Step Up Your Game
• List type/source (co-registration, in-house list);
• Users who have not responded to a campaign in the past X months; and
• Any other metrics that may be pertinent or available from your data.
To make things easy, your segments should be relatively straightforward. For example, SMA and SFA could be used for “Subject Line A—Male Recipient” and “Subject Line A—Female Recipient,” respectively. The key is to track each segment individually.
Be careful not to cut the segments too small. The smaller the segments, the longer it will take to accumulate the number of conversions it takes to become a statistically valid test. The chart at left shows how many messages you need to send to achieve a statistically valid sample.
You ‘ve done a good deal of work to get ready to test. Now that you are set up properly, you can track your e-mails by segment, clickthrough and conversion rates—and realize your goals.
Now is the time to go back to the metrics you set up in the beginning and examine these same elements at the end of the campaign.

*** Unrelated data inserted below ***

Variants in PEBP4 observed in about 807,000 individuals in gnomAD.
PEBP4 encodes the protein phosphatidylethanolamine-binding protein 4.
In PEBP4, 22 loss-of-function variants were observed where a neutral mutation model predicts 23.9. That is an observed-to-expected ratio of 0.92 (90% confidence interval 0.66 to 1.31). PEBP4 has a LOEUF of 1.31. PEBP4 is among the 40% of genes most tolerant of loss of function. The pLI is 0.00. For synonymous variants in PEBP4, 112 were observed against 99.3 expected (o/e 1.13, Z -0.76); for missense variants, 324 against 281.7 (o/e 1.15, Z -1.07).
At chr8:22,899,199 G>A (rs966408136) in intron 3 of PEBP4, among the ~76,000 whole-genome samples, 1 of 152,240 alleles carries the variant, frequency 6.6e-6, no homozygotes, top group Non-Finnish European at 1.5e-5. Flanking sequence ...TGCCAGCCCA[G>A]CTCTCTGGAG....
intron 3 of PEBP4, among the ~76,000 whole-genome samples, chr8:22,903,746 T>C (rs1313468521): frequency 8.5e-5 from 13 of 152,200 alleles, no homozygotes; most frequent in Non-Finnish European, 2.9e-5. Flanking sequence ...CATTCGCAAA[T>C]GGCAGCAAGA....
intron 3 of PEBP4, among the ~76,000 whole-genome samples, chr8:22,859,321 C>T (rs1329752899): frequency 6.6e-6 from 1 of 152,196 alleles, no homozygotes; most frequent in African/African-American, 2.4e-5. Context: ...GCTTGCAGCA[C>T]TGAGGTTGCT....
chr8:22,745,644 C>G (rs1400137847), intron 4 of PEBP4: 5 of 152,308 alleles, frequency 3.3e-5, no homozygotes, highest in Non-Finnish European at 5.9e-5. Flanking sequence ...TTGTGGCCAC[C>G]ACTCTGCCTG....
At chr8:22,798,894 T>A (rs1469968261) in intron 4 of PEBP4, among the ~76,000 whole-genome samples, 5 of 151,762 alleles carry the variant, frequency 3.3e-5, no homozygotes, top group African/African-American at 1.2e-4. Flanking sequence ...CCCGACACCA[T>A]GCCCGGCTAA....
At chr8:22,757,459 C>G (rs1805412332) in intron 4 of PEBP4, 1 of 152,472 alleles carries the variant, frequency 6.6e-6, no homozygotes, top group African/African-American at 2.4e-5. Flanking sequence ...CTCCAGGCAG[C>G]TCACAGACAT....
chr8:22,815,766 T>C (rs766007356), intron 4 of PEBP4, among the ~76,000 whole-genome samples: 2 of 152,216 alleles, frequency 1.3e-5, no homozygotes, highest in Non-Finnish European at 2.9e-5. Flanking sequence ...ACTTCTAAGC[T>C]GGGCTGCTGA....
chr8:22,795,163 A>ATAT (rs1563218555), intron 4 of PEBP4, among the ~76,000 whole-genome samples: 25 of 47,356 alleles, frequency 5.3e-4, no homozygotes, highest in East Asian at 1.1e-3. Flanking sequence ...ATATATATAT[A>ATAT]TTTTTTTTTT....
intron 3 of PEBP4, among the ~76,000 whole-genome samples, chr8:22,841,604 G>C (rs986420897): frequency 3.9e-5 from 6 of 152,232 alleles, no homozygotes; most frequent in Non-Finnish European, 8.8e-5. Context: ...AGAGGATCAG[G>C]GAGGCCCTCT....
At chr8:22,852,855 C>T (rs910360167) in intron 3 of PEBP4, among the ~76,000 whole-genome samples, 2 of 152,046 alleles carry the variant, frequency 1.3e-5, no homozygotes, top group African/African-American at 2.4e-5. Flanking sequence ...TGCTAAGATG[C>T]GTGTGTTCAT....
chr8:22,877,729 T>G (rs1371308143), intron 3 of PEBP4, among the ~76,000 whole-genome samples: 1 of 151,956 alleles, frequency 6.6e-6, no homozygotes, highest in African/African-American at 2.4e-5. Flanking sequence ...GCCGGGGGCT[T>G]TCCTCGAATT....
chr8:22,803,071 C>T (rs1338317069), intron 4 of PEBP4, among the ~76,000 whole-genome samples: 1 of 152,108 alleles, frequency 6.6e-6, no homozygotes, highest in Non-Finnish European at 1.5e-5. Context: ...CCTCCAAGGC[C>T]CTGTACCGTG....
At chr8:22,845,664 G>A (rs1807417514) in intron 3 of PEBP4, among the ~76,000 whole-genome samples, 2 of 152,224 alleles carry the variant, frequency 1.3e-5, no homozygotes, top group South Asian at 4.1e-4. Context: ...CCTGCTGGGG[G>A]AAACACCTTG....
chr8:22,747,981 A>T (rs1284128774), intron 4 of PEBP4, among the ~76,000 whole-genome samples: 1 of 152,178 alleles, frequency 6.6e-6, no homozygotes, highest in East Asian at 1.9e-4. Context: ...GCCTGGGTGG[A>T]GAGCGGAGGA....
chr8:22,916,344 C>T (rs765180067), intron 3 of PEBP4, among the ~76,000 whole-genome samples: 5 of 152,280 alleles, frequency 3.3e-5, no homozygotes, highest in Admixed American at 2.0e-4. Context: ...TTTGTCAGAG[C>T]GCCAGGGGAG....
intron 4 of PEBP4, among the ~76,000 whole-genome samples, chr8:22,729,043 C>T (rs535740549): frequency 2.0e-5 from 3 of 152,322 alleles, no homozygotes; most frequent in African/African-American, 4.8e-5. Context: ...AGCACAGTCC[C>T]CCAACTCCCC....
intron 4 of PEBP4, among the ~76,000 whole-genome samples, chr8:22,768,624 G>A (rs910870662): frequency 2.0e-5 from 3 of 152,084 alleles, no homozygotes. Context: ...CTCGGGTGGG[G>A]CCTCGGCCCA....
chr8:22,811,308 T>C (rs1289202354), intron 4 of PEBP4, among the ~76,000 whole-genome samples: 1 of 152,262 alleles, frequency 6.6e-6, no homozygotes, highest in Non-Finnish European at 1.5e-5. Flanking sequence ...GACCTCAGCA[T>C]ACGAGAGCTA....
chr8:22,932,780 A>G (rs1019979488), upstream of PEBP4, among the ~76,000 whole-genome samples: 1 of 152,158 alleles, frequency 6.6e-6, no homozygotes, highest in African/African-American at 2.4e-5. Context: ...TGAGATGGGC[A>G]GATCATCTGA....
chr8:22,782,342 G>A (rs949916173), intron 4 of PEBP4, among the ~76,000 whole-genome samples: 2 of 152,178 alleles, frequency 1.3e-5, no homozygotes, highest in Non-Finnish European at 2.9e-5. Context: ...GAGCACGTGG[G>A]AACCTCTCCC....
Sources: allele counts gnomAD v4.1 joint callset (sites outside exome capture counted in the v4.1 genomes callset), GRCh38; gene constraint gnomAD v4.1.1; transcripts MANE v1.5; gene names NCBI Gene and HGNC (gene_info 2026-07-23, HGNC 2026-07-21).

Never assume because one e-mail outperformed another it is superior in every way. Instead, look at your data more closely. The top-performing e-mail may have resulted in more clickthroughs, but did it result in fewer sales or margin? Likewise, if you are conducting a multivariate test that tests image and sales copy, it does not mean the image from the winning combination is the best on its own.
Look at all metrics, and act on the important ones. If you set up a test with a focus on increasing clickthrough rates, at the end of the test be sure to see if the changes you made ultimately changed Web site or call-in behavior. Remember, simple changes can have profound effects, and you don’t want to increase one metric at the sake of another.